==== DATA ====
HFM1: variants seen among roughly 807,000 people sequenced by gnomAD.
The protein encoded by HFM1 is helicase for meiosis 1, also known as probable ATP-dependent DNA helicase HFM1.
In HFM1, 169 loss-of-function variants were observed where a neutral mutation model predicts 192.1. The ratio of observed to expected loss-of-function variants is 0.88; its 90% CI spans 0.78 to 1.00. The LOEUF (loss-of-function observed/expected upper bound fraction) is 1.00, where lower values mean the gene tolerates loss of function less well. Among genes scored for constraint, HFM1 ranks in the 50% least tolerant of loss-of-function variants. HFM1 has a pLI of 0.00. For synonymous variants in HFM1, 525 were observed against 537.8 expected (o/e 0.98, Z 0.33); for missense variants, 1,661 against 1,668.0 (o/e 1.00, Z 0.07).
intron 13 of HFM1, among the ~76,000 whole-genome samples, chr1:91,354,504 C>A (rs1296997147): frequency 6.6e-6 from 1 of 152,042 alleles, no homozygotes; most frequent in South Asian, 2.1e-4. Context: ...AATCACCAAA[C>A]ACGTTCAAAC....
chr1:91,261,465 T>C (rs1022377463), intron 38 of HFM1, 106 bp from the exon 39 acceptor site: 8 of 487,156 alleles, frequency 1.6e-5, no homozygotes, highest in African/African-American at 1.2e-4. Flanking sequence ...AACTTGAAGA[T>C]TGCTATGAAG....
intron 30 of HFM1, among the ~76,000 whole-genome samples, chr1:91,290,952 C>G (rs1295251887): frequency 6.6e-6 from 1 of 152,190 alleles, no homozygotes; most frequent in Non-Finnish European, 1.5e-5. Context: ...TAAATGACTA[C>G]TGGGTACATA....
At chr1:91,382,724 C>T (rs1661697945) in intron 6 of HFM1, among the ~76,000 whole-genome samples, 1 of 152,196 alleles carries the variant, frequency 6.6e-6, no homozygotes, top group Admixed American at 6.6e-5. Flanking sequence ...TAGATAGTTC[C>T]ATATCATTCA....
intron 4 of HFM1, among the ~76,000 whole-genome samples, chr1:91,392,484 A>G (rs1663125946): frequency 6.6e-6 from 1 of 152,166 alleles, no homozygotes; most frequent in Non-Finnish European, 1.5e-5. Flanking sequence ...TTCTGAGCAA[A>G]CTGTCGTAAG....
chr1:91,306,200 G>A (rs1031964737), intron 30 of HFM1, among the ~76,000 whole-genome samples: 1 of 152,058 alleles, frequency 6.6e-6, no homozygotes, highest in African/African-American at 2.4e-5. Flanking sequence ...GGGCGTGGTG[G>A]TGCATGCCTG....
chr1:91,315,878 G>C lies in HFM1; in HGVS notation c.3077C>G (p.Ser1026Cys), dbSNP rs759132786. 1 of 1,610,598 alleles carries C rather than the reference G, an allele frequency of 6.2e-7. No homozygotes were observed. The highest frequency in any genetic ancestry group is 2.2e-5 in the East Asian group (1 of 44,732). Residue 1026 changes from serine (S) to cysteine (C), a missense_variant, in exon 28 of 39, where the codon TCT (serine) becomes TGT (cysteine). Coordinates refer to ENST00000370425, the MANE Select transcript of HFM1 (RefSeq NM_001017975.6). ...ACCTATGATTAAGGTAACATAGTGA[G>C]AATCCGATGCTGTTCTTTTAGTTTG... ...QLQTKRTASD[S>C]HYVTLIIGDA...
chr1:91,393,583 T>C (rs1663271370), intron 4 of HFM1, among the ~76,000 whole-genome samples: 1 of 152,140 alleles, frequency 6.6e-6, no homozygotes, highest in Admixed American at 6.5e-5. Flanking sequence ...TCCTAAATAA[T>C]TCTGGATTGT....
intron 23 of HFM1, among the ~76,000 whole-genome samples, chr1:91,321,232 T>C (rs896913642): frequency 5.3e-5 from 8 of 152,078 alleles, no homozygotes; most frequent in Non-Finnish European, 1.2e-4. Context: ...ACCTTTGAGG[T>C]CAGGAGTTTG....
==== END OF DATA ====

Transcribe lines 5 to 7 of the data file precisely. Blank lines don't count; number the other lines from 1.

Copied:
chr1:91,261,465 T>C (rs1022377463), intron 38 of HFM1, 106 bp from the exon 39 acceptor site: 8 of 487,156 alleles, frequency 1.6e-5, no homozygotes, highest in African/African-American at 1.2e-4. Flanking sequence ...AACTTGAAGA[T>C]TGCTATGAAG....
intron 30 of HFM1, among the ~76,000 whole-genome samples, chr1:91,290,952 C>G (rs1295251887): frequency 6.6e-6 from 1 of 152,190 alleles, no homozygotes; most frequent in Non-Finnish European, 1.5e-5. Context: ...TAAATGACTA[C>G]TGGGTACATA....
At chr1:91,382,724 C>T (rs1661697945) in intron 6 of HFM1, among the ~76,000 whole-genome samples, 1 of 152,196 alleles carries the variant, frequency 6.6e-6, no homozygotes, top group Admixed American at 6.6e-5. Flanking sequence ...TAGATAGTTC[C>T]ATATCATTCA....